SOFIA, Jan. 27 (Xinhua) -- Bulgarians have postponed construction of a new nuclear power plant for an indefinite future, according to unofficial data released on Sunday evening after a low-turnout referendum held on this issue.
Parallel vote tabulation conducted by Alpha Research agency showed that the voter turnout was 21 percent, and 61 percent of the voters said "yes" to the question on whether the country should build a new nuclear power plant. The official results are expected to be released on Wednesday.
According to Bulgarian legislation, the referendum is invalid because the turnout should be no less than that of the last parliamentary election in the country. For this referendum, the required voter turnout was 60.2 percent, which was achieved in the parliamentary election in 2009.
However, because less than 60.2 percent but more than 20 percent of citizens with voting rights participated in the referendum, and "yes" votes were more than half, the decision has to be discussed and voted in the parliament.
On Wednesday, Kolyo Kolev, director of the Mediana Polling Agency, predicting the result that the ruling GERB party still has a comfortable majority in parliament, so it will halt the construction of the new nuclear power plant, the Belene project.
Nevertheless, the results of this referendum will not finally close the door on the Belene project, it will not be removed from the agenda of the Bulgarian society, and it can be reconsidered with the change of political power, Kolev told Xinhua.
The polling stations across the country opened at 6 a.m. local time (0400 GMT) and almost 6.95 million voters were eligible for the first referendum conducted in the Balkan country after 1989.
Construction of the 2,000-megawatt new nuclear plant at Belene was approved in 2005. The Russian company Atomstroyexport, an engineering branch of the state-owned Rosatom, won the bid to build the plant in 2006. However, the project was frozen after the GERB party came to power in July 2009.
The petition for the referendum was initiated last year by the main opposition, the Bulgarian Socialist Party (BSP), after the GERB suspended construction of the country's second nuclear plant.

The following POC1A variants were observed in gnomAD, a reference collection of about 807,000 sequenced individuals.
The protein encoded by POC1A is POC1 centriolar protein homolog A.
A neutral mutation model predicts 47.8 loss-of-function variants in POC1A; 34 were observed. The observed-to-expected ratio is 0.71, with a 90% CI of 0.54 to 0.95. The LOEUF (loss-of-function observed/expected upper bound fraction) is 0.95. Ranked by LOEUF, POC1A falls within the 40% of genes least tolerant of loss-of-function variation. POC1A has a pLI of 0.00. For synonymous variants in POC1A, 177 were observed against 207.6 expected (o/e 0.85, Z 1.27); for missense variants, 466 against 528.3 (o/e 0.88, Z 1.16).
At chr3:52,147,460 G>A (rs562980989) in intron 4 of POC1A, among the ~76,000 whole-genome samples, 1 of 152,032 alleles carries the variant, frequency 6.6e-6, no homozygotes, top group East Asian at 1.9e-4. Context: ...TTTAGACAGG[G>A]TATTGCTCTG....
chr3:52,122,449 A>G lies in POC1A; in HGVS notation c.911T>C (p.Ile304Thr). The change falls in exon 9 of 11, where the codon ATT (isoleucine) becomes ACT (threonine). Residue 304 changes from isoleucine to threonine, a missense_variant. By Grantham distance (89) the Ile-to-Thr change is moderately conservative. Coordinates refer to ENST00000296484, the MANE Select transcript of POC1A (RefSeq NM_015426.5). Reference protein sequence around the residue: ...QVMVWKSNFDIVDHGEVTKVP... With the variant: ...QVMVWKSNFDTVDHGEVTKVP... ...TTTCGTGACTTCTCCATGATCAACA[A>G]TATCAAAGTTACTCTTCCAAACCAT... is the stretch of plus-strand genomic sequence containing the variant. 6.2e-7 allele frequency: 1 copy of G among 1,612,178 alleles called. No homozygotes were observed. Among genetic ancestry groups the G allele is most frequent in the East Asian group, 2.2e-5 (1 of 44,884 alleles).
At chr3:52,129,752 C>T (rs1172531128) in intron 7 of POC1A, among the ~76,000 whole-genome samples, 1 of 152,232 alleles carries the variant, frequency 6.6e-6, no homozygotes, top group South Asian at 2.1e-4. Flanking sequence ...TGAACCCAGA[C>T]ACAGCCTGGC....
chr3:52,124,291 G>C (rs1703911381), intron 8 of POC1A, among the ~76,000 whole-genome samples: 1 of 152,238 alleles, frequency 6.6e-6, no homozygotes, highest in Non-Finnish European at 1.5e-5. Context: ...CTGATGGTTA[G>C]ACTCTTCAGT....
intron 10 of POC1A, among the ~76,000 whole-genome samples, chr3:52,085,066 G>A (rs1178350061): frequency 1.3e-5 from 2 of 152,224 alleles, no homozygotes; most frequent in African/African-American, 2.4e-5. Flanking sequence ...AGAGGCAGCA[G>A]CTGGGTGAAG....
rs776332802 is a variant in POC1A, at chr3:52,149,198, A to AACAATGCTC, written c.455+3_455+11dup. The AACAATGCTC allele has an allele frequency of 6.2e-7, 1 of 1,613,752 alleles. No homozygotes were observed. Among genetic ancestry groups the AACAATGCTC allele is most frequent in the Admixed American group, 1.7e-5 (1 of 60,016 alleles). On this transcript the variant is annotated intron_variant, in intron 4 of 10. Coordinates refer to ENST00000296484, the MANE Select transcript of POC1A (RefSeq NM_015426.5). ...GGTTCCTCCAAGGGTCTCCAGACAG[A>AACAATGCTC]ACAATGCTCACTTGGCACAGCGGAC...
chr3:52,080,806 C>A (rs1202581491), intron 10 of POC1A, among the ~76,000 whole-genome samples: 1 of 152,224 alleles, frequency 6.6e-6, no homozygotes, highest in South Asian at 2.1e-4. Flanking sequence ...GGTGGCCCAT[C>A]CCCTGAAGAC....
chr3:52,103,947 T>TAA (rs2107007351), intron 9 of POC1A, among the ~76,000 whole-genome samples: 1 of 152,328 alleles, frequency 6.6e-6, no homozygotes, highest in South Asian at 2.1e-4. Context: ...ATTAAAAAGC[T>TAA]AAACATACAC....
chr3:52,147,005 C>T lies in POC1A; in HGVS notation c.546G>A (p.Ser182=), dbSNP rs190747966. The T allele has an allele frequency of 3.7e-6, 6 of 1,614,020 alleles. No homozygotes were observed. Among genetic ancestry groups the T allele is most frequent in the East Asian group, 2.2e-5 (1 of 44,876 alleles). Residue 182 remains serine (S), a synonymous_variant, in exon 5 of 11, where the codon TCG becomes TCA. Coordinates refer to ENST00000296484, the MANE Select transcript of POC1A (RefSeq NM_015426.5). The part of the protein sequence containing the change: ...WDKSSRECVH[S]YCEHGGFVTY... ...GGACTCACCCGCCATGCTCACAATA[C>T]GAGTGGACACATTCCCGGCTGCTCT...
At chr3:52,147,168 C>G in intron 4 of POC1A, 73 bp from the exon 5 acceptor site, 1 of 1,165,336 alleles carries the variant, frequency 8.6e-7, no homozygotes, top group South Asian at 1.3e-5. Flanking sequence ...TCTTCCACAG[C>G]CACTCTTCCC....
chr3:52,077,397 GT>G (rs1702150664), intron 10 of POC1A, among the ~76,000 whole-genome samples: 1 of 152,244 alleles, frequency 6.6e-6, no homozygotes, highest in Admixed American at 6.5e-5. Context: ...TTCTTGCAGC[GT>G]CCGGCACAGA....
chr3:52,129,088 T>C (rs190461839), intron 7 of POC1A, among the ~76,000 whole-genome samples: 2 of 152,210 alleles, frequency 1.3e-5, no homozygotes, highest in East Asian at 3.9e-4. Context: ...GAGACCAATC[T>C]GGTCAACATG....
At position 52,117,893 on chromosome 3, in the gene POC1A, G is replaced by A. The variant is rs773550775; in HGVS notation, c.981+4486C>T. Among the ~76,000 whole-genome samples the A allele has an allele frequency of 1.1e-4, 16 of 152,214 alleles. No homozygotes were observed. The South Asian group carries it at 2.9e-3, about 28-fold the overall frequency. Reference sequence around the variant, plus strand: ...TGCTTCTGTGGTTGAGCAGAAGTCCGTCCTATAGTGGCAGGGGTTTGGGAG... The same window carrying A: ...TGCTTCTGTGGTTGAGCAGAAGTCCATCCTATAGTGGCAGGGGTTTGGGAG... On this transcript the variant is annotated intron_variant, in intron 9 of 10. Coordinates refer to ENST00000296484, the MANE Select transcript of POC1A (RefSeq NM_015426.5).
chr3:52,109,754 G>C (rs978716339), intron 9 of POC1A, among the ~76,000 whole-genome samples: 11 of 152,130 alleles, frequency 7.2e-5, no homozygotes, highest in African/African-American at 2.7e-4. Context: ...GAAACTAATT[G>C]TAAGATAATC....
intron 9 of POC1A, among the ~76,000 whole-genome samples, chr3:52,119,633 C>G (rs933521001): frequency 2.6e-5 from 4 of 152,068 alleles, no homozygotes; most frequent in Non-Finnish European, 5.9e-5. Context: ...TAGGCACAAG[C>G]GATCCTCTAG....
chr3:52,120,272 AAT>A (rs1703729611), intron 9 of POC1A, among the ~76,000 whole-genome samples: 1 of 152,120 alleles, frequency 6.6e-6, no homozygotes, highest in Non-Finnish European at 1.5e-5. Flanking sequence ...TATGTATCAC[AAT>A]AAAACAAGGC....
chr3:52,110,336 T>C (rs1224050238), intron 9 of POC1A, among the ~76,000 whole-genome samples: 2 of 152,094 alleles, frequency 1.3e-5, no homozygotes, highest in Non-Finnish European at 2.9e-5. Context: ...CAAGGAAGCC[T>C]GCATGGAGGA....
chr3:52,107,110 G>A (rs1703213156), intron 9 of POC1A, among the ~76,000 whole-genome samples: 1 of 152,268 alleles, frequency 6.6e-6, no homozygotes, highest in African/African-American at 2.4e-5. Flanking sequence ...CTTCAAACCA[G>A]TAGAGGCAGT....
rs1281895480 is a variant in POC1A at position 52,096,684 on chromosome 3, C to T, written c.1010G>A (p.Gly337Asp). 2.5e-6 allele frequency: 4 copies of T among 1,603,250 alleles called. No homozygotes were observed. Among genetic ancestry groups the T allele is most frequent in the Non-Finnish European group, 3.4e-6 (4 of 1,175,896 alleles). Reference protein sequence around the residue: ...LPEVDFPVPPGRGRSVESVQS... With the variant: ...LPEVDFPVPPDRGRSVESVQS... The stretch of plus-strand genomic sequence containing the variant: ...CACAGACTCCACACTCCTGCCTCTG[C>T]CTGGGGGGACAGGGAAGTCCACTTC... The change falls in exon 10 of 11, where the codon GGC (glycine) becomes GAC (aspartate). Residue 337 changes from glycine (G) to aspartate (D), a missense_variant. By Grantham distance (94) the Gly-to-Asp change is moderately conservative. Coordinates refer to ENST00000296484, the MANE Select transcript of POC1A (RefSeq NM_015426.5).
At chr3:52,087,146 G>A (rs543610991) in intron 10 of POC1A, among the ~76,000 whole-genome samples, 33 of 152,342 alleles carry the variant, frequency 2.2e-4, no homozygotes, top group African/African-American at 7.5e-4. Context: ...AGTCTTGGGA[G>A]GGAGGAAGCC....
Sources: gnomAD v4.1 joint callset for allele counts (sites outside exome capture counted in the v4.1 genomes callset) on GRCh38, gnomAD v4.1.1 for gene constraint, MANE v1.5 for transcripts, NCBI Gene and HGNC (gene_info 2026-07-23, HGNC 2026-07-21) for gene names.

Earlier on Sunday, BSP leader Sergey Stanishev told reporters after voting the referendum was a test to the government.
Voters shared with Xinhua various opinions on their participation in the referendum, and the future of nuclear energy in Bulgaria.
Penka Staevska, a teacher, told Xinhua that if stops developing nuclear energy, Bulgaria will have to import from abroad.
"Everyone says that if there is a new plant, it will be dangerous for our health, but our neighbors are not too far away, have nuclear power plants on the border with Bulgaria. Therefore I do not worry about whether this plant would be dangerous for us," she said.
Venkov, a retired molecular biologist, said that voting was always politicized, no matter what is topic of voting.
Georgi Antonov, an artist, said he voted NO firmly. First, because Bulgaria shall not give money to the Russians and be totally dependent on them like in supplies of gas, oil and so on. Second, he said he seen a huge "fraudulence" in the history of the project.
"And third, I in general do not see why we should make another nuclear power plant in Bulgaria, given that the world is going in quite another direction as a source for energy industry and so on," he said.
Meanwhile, Tony Kanev, who works in a law court, said Bulgaria must build a new power plant because each year electricity consumption has been increasing by an average of six percent.
"And in any case we should close the thermal power stations, which are much dirtier than nuclear power plants," he said.